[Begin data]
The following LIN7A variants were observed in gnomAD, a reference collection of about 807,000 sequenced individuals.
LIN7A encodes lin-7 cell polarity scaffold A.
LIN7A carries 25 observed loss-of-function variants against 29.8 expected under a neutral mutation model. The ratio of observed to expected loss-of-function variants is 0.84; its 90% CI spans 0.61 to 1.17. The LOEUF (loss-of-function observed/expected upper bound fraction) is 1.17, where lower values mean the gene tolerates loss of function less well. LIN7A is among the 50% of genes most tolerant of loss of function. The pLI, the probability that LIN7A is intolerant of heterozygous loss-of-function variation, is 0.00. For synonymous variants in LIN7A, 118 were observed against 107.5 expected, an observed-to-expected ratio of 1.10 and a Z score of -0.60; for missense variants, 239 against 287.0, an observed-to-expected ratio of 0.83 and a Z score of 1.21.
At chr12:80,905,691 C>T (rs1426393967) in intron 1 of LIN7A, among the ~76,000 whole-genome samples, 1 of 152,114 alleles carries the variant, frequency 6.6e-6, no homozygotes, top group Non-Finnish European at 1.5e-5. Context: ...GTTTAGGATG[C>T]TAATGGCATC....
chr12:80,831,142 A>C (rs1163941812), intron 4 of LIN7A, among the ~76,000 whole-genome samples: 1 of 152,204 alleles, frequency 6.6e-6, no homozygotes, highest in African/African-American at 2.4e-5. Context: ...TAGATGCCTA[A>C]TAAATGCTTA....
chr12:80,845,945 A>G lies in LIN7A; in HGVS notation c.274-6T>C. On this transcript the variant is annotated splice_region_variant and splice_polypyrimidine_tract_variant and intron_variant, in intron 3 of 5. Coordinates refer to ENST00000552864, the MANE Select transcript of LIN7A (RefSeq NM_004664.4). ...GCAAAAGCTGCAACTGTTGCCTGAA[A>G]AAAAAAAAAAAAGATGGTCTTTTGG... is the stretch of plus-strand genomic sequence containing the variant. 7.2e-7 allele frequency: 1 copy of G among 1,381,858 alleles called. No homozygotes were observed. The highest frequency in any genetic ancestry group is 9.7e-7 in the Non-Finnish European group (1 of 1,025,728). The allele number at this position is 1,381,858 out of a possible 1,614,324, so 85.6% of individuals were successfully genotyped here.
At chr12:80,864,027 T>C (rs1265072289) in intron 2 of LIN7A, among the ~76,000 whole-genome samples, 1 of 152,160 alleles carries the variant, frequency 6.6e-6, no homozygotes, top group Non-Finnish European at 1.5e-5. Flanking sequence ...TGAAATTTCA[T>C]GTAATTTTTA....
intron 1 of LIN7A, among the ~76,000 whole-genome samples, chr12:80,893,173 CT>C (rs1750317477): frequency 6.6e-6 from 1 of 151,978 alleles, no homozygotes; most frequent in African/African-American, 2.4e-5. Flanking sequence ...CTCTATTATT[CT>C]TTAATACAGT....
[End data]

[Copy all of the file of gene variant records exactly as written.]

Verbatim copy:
The following LIN7A variants were observed in gnomAD, a reference collection of about 807,000 sequenced individuals.
LIN7A encodes lin-7 cell polarity scaffold A.
LIN7A carries 25 observed loss-of-function variants against 29.8 expected under a neutral mutation model. The ratio of observed to expected loss-of-function variants is 0.84; its 90% CI spans 0.61 to 1.17. The LOEUF (loss-of-function observed/expected upper bound fraction) is 1.17, where lower values mean the gene tolerates loss of function less well. LIN7A is among the 50% of genes most tolerant of loss of function. The pLI, the probability that LIN7A is intolerant of heterozygous loss-of-function variation, is 0.00. For synonymous variants in LIN7A, 118 were observed against 107.5 expected, an observed-to-expected ratio of 1.10 and a Z score of -0.60; for missense variants, 239 against 287.0, an observed-to-expected ratio of 0.83 and a Z score of 1.21.
At chr12:80,905,691 C>T (rs1426393967) in intron 1 of LIN7A, among the ~76,000 whole-genome samples, 1 of 152,114 alleles carries the variant, frequency 6.6e-6, no homozygotes, top group Non-Finnish European at 1.5e-5. Context: ...GTTTAGGATG[C>T]TAATGGCATC....
chr12:80,831,142 A>C (rs1163941812), intron 4 of LIN7A, among the ~76,000 whole-genome samples: 1 of 152,204 alleles, frequency 6.6e-6, no homozygotes, highest in African/African-American at 2.4e-5. Context: ...TAGATGCCTA[A>C]TAAATGCTTA....
chr12:80,845,945 A>G lies in LIN7A; in HGVS notation c.274-6T>C. On this transcript the variant is annotated splice_region_variant and splice_polypyrimidine_tract_variant and intron_variant, in intron 3 of 5. Coordinates refer to ENST00000552864, the MANE Select transcript of LIN7A (RefSeq NM_004664.4). ...GCAAAAGCTGCAACTGTTGCCTGAA[A>G]AAAAAAAAAAAAGATGGTCTTTTGG... is the stretch of plus-strand genomic sequence containing the variant. 7.2e-7 allele frequency: 1 copy of G among 1,381,858 alleles called. No homozygotes were observed. The highest frequency in any genetic ancestry group is 9.7e-7 in the Non-Finnish European group (1 of 1,025,728). The allele number at this position is 1,381,858 out of a possible 1,614,324, so 85.6% of individuals were successfully genotyped here.
At chr12:80,864,027 T>C (rs1265072289) in intron 2 of LIN7A, among the ~76,000 whole-genome samples, 1 of 152,160 alleles carries the variant, frequency 6.6e-6, no homozygotes, top group Non-Finnish European at 1.5e-5. Flanking sequence ...TGAAATTTCA[T>C]GTAATTTTTA....
intron 1 of LIN7A, among the ~76,000 whole-genome samples, chr12:80,893,173 CT>C (rs1750317477): frequency 6.6e-6 from 1 of 151,978 alleles, no homozygotes; most frequent in African/African-American, 2.4e-5. Flanking sequence ...CTCTATTATT[CT>C]TTAATACAGT....